The 45 regurgitates collected (n birds, BBs = 30, RFBs = 15) contained 196 individual prey samples identifiable to at least the family level. Ballyhoo (family: Hemiramphidae) and flying fish (family: Exocoetidae) were most abundant overall. RFBs ate more flying fish, while BBs ate more ballyhoo, additionally consuming a small number of inshore and reef-associating species including triggerfish (family: Balistidae) and needlefish (family: Belonidae) (Chi-squared test, χ2 = 21.363, df = 2, p < 0.001; Fig. 6 & Table S11). For RFBs, 27% regurgitates contained ≥2 prey types, while for BBs 46% regurgitates contained ≥2 prey types. Male and female RFBs showed no significant difference in the numerical abundance of flying fish, ballyhoo and other prey types in their regurgitates (Chi-squared test, χ2 = 0.462, df = 2, p = 0.794; Fig. 6 & Table S11). However, male BBs consumed comparatively fewer flying fish and ballyhoo, and a higher proportion of other prey, than females (Chi-squared test, χ2 = 17.896, df = 2, p < 0.001; Fig. 6 & Table S11).
RFBs were significantly more enriched in 15N than BBs in both sample years (GLS, χ24 = 26.347, p < 0.001; Fig. 7a and Table 2). RFBs were also more depleted in 13C than BBs in 2017 (GLS, χ21 = 46.047, p < 0.001), although no significant differences were found in 13C in 2016 (GLS, χ21 = 0.833, p = 0.361; Fig. 7a & Table 2). In both species, females had higher δ15N (GLS, χ24 = 32.647, p < 0.001) and δ13C values (GLS, χ21 = 10.909, p < 0.001) than males (Fig. 7a), with no significant interactions between sex and year nor species detected. Despite this, a comparison of avian isotope values in both species with those of their prey showed that fractionation-corrected blood values (and their incorporated uncertainties) overlapped with the largely identical isotopic niche spaces occupied by their two main prey types (flying fish and ballyhoo; Fig. 7b).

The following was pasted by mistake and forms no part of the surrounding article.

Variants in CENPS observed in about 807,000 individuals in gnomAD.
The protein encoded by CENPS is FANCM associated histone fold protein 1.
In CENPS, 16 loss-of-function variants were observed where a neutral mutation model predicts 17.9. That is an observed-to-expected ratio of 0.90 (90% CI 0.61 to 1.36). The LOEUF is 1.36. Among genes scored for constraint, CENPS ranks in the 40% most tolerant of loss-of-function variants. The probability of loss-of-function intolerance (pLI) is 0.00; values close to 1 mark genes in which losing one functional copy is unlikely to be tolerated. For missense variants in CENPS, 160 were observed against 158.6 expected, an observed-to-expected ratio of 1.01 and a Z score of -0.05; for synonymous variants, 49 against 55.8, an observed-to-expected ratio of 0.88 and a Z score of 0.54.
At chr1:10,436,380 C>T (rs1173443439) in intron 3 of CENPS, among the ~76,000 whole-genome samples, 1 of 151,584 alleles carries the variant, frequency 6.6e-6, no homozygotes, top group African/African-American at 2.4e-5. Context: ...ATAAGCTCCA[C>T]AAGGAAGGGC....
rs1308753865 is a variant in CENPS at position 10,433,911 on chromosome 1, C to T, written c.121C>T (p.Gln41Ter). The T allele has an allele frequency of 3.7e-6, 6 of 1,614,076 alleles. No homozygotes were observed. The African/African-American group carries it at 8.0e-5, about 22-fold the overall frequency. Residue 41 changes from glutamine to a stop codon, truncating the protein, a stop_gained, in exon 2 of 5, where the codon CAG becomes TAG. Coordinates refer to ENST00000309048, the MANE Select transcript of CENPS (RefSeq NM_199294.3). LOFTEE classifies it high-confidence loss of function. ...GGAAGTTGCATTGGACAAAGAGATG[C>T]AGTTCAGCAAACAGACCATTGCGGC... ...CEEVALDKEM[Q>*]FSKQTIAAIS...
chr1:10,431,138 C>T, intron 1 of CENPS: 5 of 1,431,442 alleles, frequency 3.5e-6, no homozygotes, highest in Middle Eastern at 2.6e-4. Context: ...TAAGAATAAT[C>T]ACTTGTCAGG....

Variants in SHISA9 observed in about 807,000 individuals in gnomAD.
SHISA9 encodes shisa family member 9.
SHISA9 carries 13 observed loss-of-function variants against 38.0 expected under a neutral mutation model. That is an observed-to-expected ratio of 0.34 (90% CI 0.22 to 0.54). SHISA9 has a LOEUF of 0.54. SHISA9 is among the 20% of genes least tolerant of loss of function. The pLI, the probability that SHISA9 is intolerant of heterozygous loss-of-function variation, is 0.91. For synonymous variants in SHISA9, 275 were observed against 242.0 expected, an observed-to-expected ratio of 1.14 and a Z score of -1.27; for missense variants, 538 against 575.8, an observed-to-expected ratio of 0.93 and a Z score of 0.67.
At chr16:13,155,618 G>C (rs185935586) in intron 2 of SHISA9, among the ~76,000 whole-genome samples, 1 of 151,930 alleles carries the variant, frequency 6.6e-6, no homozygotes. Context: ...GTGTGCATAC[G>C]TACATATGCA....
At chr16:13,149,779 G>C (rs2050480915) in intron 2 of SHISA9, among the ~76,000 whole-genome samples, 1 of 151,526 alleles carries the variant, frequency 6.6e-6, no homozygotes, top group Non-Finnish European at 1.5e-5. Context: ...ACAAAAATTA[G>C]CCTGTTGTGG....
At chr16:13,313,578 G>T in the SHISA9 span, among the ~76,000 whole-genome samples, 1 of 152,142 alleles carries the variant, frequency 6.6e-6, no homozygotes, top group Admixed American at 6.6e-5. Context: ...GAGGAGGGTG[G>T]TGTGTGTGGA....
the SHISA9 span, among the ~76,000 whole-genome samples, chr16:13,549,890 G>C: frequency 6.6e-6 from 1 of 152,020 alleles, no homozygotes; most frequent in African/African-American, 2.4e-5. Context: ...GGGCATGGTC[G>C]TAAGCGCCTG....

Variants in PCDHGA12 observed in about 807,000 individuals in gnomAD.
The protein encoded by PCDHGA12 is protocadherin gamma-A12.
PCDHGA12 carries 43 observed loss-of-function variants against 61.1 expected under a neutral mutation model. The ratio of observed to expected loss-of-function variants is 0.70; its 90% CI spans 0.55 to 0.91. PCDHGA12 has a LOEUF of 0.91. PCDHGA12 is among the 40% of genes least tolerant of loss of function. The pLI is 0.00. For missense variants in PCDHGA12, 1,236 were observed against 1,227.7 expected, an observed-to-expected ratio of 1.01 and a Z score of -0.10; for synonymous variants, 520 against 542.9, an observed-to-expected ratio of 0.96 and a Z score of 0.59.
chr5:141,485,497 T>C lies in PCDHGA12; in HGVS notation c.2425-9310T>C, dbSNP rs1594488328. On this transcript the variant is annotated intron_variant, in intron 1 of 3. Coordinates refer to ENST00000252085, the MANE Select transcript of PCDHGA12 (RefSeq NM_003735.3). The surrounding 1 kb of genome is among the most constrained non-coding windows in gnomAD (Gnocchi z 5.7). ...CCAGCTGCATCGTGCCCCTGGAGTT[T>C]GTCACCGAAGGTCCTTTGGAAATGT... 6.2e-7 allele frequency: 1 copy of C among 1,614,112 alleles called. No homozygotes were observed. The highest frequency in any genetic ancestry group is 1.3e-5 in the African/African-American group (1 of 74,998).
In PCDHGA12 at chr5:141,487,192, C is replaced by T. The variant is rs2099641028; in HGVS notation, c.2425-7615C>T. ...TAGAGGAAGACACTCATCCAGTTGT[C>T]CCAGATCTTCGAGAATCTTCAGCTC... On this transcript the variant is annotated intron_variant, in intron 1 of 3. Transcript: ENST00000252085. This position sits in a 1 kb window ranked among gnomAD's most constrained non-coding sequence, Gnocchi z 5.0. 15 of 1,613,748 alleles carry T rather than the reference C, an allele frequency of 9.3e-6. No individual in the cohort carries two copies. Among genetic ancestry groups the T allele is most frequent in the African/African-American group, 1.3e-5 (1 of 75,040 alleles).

This study shows that BBs and RFBs engage in different foraging behaviours - the small population of sexually-dimorphic BBs have sex-specific foraging areas close to the coast, while the larger population of weakly dimorphic RFBs travel further offshore and show almost no sex differences in foraging behaviour. These patterns can be explained by differences in dimorphism, reproductive roles, kleptoparasitism and interspecific and intraspecific competition. We discuss these potential drivers below.
Competition and size dimorphism
Unlike some tropical seabird populations that breed throughout the year or sub-annually [61, 62], BBs and RFBs show some breeding seasonality [37, 61], resulting in potential for competition in areas of coexistence. In the Cayman Islands, the RFB population size is an order of magnitude greater than the BB population. This could lead to local prey depletion requiring RFBs to travel further from the colony, particularly during chick rearing [17, 63, 64]. This form of indirect ‘exploitative competition’  may also partly explain why BBs seldom venture into coastal waters to the west of their island used by RFBs. Nevertheless, exploitative competition does not fully explain observed patterns, and segregation could arise because of species-specific differences in foraging habitat that emerge due to historical competition.
Like many tropical seabirds, BBs and RFBs both exhibit reverse sexual size-dimorphism, the former species being notably larger (this study, [37, 65]). Direct competition, whereby individuals are inhibited from access to prey by others (termed ‘interference competition’ ) is often attributed to body size differences [66, 67], and thought to be the main competitive force in tropical environments [68, 69]. Size differences may confer competitive advantages to BBs allowing interference with foraging opportunities for RFBs . However, present day population sizes of the two species on the Cayman Islands (the BB population being small and in decline owing to anthropogenic impacts: [47, 71]) suggest that direct competition alone is unlikely to explain observed foraging differences. Furthermore, there is little evidence for intersexual competition as a driver for niche partitioning in tropical sulids [44, 72]. Rather than being driven by present day competition, the respective pelagic and coastal strategies of RFBs and BBs may instead be a ghost of competition past, or other processes that caused them to diverge.